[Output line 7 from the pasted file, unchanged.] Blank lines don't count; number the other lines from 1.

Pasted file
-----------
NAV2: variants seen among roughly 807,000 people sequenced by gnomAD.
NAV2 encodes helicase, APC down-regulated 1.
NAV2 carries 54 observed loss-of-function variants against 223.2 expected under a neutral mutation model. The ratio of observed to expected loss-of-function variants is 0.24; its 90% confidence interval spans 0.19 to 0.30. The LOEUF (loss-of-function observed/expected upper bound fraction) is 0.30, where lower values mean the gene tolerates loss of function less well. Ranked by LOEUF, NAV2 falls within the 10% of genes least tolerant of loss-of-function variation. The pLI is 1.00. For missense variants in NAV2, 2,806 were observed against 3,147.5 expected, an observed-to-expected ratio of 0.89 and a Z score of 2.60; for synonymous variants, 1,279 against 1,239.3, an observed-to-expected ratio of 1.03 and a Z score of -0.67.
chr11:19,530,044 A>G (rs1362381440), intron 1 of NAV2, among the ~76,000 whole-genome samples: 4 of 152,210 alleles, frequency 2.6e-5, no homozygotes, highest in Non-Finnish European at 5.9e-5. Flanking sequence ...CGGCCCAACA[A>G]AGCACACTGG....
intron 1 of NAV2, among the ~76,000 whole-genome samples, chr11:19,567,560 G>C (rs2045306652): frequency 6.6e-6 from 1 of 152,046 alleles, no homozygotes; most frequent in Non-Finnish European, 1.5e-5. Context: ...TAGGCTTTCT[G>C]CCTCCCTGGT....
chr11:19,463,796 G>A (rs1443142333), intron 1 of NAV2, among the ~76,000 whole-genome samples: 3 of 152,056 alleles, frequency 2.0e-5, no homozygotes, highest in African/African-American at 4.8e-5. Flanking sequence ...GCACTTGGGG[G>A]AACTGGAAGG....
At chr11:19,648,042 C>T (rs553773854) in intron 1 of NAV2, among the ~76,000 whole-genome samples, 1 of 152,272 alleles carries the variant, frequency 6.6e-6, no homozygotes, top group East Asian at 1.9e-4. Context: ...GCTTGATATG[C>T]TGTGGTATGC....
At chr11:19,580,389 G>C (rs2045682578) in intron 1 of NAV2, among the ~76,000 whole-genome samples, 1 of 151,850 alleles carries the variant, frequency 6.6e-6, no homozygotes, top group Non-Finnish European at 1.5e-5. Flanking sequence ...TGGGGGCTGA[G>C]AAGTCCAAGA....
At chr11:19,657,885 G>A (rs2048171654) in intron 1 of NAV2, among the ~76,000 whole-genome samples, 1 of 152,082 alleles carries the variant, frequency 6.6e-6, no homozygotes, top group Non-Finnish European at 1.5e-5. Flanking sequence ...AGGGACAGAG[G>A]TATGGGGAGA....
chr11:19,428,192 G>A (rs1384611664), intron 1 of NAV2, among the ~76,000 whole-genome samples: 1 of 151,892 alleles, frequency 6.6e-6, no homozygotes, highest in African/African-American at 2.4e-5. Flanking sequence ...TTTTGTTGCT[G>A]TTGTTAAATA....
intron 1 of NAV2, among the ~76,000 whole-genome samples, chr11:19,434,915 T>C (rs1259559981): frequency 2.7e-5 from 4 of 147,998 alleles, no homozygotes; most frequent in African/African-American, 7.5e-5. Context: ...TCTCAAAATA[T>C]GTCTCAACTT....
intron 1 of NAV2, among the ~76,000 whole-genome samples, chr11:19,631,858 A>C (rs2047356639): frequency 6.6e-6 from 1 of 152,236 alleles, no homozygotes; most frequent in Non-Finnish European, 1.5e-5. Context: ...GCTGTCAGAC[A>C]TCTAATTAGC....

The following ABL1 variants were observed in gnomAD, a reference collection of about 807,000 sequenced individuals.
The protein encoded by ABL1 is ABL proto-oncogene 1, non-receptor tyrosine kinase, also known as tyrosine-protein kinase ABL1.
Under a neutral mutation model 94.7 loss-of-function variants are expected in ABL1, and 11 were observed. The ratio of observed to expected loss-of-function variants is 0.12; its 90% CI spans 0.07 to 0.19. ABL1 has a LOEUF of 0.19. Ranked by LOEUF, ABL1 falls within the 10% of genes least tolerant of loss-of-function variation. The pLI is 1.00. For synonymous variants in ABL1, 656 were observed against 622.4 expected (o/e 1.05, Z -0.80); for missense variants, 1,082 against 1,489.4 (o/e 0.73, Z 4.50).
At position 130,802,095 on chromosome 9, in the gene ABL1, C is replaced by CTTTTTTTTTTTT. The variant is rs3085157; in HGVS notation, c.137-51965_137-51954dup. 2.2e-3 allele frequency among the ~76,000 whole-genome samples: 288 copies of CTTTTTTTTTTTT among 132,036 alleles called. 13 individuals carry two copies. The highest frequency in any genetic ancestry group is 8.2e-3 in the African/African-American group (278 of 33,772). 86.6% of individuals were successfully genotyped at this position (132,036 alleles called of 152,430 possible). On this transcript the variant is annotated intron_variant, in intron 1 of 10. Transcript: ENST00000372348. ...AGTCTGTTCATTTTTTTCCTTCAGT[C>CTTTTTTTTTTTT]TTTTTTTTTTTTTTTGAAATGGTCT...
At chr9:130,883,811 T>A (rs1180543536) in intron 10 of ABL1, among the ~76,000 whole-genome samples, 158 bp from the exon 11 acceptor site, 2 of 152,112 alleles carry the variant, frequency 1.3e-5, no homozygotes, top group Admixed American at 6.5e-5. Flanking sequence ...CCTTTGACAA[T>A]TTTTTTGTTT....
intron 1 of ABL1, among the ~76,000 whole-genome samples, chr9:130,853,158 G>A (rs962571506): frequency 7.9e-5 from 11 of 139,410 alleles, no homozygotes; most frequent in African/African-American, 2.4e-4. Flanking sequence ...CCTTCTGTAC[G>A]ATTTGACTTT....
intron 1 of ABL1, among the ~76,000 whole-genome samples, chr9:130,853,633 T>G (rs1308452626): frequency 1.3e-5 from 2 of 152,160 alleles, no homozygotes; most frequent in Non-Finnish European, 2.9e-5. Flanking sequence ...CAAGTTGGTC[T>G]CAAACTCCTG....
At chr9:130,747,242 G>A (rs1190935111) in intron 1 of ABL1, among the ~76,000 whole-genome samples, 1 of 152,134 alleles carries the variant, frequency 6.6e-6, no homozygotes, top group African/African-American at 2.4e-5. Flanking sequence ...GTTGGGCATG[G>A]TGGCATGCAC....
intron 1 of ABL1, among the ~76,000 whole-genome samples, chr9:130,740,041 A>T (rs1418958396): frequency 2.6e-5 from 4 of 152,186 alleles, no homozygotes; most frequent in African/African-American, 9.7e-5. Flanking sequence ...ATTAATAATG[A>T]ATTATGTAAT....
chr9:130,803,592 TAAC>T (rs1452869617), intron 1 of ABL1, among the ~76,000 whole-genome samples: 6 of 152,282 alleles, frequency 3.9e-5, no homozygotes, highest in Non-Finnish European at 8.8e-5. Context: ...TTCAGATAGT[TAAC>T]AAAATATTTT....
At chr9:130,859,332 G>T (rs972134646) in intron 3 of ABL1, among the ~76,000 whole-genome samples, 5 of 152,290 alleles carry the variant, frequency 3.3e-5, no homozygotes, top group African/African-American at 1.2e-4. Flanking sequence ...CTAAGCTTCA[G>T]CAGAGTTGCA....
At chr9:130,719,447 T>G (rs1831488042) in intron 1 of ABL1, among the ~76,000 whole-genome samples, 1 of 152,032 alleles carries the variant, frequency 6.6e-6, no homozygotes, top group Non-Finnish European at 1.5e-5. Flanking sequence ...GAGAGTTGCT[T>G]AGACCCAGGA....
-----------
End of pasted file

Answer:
At chr11:19,648,042 C>T (rs553773854) in intron 1 of NAV2, among the ~76,000 whole-genome samples, 1 of 152,272 alleles carries the variant, frequency 6.6e-6, no homozygotes, top group East Asian at 1.9e-4. Context: ...GCTTGATATG[C>T]TGTGGTATGC....